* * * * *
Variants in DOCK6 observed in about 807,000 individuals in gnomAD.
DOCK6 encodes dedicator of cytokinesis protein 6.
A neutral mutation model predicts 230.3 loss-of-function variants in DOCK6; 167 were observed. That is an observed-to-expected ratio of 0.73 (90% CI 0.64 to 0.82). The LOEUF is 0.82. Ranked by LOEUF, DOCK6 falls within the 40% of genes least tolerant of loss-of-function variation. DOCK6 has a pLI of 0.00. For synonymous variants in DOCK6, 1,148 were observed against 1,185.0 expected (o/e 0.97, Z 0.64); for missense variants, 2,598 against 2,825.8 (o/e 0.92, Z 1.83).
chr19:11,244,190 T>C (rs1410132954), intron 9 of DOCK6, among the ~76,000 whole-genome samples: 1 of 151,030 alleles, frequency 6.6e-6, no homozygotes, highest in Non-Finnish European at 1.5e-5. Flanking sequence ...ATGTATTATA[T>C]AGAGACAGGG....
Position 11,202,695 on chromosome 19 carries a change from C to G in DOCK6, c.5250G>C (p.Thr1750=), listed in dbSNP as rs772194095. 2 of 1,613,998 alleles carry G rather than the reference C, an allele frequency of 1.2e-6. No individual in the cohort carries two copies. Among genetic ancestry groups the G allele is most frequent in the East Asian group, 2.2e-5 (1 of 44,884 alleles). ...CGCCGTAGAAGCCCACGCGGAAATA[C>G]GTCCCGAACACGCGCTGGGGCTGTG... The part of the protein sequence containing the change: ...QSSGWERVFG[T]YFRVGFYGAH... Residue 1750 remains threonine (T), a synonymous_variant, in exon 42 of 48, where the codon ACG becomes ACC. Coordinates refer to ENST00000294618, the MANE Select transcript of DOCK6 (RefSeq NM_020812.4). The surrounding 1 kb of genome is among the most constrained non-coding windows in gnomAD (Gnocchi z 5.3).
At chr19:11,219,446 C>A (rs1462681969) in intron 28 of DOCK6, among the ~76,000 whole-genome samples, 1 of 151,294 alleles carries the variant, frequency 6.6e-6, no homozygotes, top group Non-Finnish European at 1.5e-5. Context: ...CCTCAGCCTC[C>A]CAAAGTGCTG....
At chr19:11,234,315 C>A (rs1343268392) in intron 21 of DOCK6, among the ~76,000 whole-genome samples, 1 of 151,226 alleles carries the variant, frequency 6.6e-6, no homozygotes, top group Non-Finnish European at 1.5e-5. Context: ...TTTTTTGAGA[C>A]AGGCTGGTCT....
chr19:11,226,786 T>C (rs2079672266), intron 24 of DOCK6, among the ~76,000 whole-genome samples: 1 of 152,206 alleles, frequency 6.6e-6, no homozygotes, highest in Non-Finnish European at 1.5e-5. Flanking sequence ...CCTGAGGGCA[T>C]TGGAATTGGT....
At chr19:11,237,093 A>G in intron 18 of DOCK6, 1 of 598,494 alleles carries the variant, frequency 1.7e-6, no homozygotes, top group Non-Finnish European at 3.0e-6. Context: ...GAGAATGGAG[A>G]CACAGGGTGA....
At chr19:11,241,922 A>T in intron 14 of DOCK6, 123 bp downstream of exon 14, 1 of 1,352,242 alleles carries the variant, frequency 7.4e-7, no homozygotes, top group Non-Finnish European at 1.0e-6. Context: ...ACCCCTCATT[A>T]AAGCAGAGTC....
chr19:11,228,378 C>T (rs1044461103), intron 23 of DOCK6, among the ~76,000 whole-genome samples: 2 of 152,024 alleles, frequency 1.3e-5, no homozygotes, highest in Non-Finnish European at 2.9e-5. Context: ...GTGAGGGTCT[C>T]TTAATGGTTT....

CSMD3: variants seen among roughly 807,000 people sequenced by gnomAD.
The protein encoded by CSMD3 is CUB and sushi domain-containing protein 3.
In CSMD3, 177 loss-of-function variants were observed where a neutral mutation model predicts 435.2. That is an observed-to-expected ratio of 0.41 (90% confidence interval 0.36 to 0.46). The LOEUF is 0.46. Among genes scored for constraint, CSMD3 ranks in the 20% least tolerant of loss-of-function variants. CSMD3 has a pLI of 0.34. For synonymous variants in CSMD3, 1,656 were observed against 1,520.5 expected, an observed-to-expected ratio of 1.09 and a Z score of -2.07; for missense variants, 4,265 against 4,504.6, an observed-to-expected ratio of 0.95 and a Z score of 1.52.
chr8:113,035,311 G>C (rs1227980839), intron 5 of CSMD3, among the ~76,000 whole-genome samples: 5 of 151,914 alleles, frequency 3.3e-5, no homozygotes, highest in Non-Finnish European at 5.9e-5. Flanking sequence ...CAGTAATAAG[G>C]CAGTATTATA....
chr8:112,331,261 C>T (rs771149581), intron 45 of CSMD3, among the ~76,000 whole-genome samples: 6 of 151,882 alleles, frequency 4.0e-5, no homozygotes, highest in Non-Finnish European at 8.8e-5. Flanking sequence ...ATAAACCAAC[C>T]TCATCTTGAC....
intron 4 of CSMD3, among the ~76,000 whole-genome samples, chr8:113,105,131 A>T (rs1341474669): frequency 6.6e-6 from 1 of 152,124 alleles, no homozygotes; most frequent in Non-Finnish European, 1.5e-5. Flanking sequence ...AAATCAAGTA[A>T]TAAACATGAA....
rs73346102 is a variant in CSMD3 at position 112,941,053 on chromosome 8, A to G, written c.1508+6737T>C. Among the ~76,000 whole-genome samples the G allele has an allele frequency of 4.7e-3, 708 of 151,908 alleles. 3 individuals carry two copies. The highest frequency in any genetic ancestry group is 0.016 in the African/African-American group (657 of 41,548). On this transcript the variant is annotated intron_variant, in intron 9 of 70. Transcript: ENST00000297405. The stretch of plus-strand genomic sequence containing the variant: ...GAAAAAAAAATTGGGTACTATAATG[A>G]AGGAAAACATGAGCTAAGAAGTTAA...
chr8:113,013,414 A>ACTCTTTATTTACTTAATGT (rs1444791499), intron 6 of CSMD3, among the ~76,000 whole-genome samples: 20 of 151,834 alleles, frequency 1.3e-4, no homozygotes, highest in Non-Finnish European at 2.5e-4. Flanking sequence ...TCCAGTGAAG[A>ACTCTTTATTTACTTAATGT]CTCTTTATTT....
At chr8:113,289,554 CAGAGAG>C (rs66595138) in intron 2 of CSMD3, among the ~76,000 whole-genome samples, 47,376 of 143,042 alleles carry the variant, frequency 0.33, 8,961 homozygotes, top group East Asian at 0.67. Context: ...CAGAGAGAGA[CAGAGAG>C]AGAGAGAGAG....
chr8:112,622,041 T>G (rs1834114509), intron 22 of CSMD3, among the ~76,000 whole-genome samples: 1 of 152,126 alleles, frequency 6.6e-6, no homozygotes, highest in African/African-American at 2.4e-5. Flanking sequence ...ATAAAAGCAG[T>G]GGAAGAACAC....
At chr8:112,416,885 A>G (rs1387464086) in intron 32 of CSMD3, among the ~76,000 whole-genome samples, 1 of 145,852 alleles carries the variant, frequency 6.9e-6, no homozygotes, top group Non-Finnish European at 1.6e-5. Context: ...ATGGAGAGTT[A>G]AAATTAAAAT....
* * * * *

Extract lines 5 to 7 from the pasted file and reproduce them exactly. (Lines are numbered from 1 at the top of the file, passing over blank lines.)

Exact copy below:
Position 11,202,695 on chromosome 19 carries a change from C to G in DOCK6, c.5250G>C (p.Thr1750=), listed in dbSNP as rs772194095. 2 of 1,613,998 alleles carry G rather than the reference C, an allele frequency of 1.2e-6. No individual in the cohort carries two copies. Among genetic ancestry groups the G allele is most frequent in the East Asian group, 2.2e-5 (1 of 44,884 alleles). ...CGCCGTAGAAGCCCACGCGGAAATA[C>G]GTCCCGAACACGCGCTGGGGCTGTG... The part of the protein sequence containing the change: ...QSSGWERVFG[T]YFRVGFYGAH... Residue 1750 remains threonine (T), a synonymous_variant, in exon 42 of 48, where the codon ACG becomes ACC. Coordinates refer to ENST00000294618, the MANE Select transcript of DOCK6 (RefSeq NM_020812.4). The surrounding 1 kb of genome is among the most constrained non-coding windows in gnomAD (Gnocchi z 5.3).
At chr19:11,219,446 C>A (rs1462681969) in intron 28 of DOCK6, among the ~76,000 whole-genome samples, 1 of 151,294 alleles carries the variant, frequency 6.6e-6, no homozygotes, top group Non-Finnish European at 1.5e-5. Context: ...CCTCAGCCTC[C>A]CAAAGTGCTG....
At chr19:11,234,315 C>A (rs1343268392) in intron 21 of DOCK6, among the ~76,000 whole-genome samples, 1 of 151,226 alleles carries the variant, frequency 6.6e-6, no homozygotes, top group Non-Finnish European at 1.5e-5. Context: ...TTTTTTGAGA[C>A]AGGCTGGTCT....